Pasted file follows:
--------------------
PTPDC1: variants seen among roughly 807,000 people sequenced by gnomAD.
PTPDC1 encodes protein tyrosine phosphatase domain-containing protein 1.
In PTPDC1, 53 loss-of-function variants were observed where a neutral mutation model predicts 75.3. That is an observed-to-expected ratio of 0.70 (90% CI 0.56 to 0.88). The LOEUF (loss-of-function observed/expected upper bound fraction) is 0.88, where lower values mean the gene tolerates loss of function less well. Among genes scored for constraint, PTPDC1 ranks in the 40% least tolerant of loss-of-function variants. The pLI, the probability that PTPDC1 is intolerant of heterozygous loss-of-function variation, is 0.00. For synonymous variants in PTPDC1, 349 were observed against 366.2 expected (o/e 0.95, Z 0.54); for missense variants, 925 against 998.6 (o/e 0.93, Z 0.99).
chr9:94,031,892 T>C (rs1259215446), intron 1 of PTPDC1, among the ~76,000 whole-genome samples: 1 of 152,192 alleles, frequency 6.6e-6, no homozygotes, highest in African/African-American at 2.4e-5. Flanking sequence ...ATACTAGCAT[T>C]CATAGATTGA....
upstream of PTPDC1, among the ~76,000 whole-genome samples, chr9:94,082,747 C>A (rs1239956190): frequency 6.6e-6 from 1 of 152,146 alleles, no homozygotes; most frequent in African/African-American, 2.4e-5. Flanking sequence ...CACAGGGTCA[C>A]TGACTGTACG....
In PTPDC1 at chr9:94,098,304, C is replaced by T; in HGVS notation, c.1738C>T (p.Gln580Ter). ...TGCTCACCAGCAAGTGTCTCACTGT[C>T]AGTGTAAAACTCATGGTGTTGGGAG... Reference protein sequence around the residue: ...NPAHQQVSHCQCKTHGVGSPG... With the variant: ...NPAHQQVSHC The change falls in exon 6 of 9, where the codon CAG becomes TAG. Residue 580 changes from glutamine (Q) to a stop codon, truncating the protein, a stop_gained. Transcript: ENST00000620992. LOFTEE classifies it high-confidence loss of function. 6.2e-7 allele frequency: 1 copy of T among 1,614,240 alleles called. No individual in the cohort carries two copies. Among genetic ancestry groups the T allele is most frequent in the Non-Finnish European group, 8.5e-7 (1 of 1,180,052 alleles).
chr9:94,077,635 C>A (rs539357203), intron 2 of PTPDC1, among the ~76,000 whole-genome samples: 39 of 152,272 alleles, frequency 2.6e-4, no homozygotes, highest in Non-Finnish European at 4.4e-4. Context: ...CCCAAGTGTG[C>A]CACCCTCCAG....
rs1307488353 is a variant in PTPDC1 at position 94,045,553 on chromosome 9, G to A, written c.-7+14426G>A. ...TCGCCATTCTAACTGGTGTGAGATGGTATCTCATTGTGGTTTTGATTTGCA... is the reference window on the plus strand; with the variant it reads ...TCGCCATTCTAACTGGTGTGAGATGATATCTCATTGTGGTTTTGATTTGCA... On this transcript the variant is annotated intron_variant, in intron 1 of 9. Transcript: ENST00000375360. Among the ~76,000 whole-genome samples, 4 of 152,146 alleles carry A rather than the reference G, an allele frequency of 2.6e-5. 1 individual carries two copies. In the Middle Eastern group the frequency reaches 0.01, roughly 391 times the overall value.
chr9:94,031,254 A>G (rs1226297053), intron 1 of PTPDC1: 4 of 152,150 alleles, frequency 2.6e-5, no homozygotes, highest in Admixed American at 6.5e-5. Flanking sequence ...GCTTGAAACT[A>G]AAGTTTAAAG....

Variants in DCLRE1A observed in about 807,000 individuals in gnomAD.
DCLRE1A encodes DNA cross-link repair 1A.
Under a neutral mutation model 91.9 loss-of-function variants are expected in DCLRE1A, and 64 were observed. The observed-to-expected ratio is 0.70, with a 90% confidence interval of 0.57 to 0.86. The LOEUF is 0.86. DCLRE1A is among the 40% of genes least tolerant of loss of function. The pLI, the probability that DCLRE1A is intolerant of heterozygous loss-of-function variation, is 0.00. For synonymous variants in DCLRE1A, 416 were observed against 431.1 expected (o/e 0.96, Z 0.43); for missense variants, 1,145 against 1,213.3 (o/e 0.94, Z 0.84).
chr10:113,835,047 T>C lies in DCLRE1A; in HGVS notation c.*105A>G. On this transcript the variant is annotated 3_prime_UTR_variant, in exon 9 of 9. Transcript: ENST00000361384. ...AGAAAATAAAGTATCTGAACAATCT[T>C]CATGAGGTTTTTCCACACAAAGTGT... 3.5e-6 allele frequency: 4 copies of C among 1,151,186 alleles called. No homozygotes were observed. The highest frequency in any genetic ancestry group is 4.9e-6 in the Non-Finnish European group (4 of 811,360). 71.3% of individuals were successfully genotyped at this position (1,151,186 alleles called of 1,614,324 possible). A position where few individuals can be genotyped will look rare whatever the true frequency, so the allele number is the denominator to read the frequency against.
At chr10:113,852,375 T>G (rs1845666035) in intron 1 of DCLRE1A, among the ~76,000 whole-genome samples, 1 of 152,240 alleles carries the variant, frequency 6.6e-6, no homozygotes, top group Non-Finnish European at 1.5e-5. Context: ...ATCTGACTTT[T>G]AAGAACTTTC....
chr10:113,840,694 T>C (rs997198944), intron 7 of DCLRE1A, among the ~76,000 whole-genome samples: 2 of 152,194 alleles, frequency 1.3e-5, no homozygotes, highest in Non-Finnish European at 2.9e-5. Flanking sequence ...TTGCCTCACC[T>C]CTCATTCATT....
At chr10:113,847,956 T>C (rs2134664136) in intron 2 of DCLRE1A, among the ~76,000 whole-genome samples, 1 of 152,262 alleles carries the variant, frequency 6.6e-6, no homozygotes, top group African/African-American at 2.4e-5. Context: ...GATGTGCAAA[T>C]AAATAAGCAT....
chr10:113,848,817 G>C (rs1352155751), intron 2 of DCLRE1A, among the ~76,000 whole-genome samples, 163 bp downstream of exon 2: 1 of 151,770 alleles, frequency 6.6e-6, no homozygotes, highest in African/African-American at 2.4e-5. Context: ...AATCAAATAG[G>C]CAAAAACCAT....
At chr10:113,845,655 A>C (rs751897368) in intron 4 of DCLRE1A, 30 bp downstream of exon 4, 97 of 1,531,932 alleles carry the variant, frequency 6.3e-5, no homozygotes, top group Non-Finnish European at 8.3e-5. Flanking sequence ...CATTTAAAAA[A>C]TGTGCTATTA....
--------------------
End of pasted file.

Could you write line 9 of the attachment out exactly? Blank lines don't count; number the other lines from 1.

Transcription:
chr9:94,031,254 A>G (rs1226297053), intron 1 of PTPDC1: 4 of 152,150 alleles, frequency 2.6e-5, no homozygotes, highest in Admixed American at 6.5e-5. Flanking sequence ...GCTTGAAACT[A>G]AAGTTTAAAG....